NYU Alumni 
Magazine Spring 2011

Patient, Heal Thyself

In an unconventional experiment some 30 years ago, psychologist Ellen Langer (ARTS ’70) brought two groups of elderly men to a weekend retreat in New Hampshire. While there, she asked the first group to reminisce about their lives in 1959, aided by old issues of Life magazine, screenings of Jimmy Stewart films, and conversations about Mickey Mantle and Fidel Castro. She put the second group in the same surroundings, but with one crucial difference: Rather than just talk or read about the good old days, she asked them to pretend they were young men actually experiencing that year as if for the first time.

At the end of the trip, both groups seemed to benefit. But the men asked to live in 1959, rather than recall it, showed greater improvement on posture, strength, and flexibility tests. They also scored better on vision, hearing, and intelligence. Langer appeared to have temporarily reversed the aging process, simply by asking her subjects to believe they were younger.

This experiment—which will soon have a second life as a feature film starring Jennifer Aniston in the role of Dr. Langer—has inspired many studies on the psychological elements of aging. But it also suggests that we have more power than we realize over our own health. Such ideas have become popular among the growing ranks of Americans practicing yoga, meditation, and other mindfulness-based activities. And these practices are gaining credence in mainstream scientific circles now, too. NYU’s Hospital for Joint Diseases provides a mind-body physical therapy program for those with disabilities. Physicians at the NYU Langone Medical Center recently introduced yoga, acupuncture, and hypnosis to aid in infertility treatment. And the center’s MindBody Education and Patient Care Program offers everything from pre-surgery meditation exercises to holistic nursing services to a 24-hour relaxation channel airing on the hospital’s in-house television. The trend might be best evidenced by the National Institutes of Health, which has spent more than $1 billion on research into alternative and complementary treatments in the past decade.

Few doctors deny that a holistic approach to healing must be taken seriously. But the interactions between mind and body are notoriously hard to untangle. Nowhere is that more apparent than in the results produced by fake pills and other interventions, known collectively as the placebo effect. Preliminary research from doctors and biologists investigating the many quirks of placebo are opening new ways to understand and treat the mind and body together. And as the research mounts, more are becoming convinced of the possibility that a new frontier exists in medicine: mind-powered healing.

You might recall that as a child, a kiss could relieve the pain of a skinned knee. But what about relieving tendonitis in the knee? Science is now beginning to offer proof that the mind—both conscious and unconscious—can have a powerful effect on a range of conditions including anxiety, asthma, chronic pain, depression, high blood pressure, irritable bowel syndrome, and sleep disorders.

The path to understanding these effects appears to lie with placebos, which behave like an ordinary drug in some respects. Designer placebos with impressive colors, packages, and price tags have been shown to be more effective than their generic counterparts. And this method is not limited to the traditional sugar pill. Saltwater injections can often relieve pain almost as well as morphine. Fake ultrasounds can alleviate toothache. Fake operations, in which the leg is opened but nothing is repaired, can decrease knee pain. In some cases, placebos could coax the body into releasing its own healing chemicals. Recent studies show that patients with Parkinson’s disease can respond to a placebo version of the drug L-dopa by producing dopamine in the brain, which alleviates pain caused by the condition. In other cases, the work of placebos might be significantly more complex, relying on a delicate blend of expectation and belief. For a time, scientists assumed that some people are simply more gullible than others. But now there is growing evidence that we can all respond to placebo.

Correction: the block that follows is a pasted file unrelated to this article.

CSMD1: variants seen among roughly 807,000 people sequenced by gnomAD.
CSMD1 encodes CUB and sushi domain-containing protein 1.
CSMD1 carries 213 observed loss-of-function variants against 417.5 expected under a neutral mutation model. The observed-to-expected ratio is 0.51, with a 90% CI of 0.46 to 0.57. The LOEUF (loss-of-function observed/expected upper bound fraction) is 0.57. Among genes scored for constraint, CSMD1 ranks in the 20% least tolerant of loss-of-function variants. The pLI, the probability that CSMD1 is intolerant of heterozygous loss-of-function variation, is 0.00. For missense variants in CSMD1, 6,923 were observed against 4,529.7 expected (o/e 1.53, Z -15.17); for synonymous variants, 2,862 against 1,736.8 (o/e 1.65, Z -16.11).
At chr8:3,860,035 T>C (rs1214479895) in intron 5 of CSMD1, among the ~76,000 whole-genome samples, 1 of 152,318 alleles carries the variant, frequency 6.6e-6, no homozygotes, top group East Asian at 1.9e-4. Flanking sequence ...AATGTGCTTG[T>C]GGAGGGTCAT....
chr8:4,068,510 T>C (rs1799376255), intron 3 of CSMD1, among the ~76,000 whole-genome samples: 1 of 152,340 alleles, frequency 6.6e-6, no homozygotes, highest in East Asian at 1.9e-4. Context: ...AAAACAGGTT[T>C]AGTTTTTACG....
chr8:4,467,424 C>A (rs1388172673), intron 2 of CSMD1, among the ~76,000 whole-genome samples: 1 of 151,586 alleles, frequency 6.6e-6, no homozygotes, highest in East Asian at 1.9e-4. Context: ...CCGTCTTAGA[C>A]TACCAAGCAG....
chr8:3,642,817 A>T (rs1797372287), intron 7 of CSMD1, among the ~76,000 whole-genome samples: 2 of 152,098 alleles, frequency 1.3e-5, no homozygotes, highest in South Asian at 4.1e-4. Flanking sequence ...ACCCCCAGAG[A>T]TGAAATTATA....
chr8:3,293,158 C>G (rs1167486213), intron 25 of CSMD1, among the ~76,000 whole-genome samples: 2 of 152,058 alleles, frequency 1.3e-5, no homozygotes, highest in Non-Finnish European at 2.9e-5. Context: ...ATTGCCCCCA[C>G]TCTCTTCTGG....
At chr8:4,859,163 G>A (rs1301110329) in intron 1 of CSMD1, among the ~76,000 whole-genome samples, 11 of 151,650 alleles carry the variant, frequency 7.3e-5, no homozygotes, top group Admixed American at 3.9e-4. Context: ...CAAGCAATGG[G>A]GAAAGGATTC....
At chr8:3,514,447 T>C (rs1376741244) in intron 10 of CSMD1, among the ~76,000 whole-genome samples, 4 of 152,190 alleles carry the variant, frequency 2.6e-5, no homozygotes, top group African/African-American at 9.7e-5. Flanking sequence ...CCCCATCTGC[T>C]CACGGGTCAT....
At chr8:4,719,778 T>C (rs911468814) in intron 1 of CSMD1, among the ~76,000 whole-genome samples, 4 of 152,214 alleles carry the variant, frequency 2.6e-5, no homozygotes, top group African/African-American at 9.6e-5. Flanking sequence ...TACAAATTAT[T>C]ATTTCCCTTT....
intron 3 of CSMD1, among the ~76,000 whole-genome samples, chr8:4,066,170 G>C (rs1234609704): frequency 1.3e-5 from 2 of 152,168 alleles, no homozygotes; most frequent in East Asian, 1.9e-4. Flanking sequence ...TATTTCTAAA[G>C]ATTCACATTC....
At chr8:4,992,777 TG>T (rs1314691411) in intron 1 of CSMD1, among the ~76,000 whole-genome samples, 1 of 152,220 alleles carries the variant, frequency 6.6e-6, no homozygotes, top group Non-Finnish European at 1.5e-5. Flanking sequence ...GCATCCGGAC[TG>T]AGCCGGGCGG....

In the 18th and 19th centuries, doctors often used placebos to placate patients who didn’t respond to other treatments, or who were thought to have imagined their illnesses. Seen by many as a useful fib, they became unfashionable among the medical establishment around the turn of the 20th century, when influential doctors such as Oliver Wendell Holmes, Sr., deemed them unscientific and dishonest. But in the 1950s, the placebo swept into a new role in medical history, at the dawn of the double-blind, randomized controlled clinical trial. Epidemiologist Austin Bradford Hill established this standard in a tuberculosis study: When measuring the effectiveness of a new drug, as a way to ensure that the improvement wasn’t due to purely psychological effects, researchers treated some patients with sugar pills. To pass muster, a new treatment had to be not just better than nothing at all, but better than placebo. In an implicit acknowledgment of doctors’ belief in the curing potential of suggestion, a deceptive and old-fashioned cure of last resort had become the standard of effectiveness in clinical trials.

Five decades later, the placebo has been elevated by some to a miracle cure. A January 2000 cover of The New York Times Magazine read: “Placebos work! So why not use them as medicine?” Shortly thereafter a self-help book arrived, Lolette Kuby’s Faith and the Placebo Effect: An Argument for Self-Healing, which promised placebo-induced solutions for a variety of diseases. The treatment had been pulled into what medical historian Anne Harrington calls “a resolutely individualistic miracle narrative.” And physicians believe in them, too: According to one survey of 1,200 American internists and rheumatologists published in the British Medical Journal, in 2008, about half of them regularly prescribed placebos.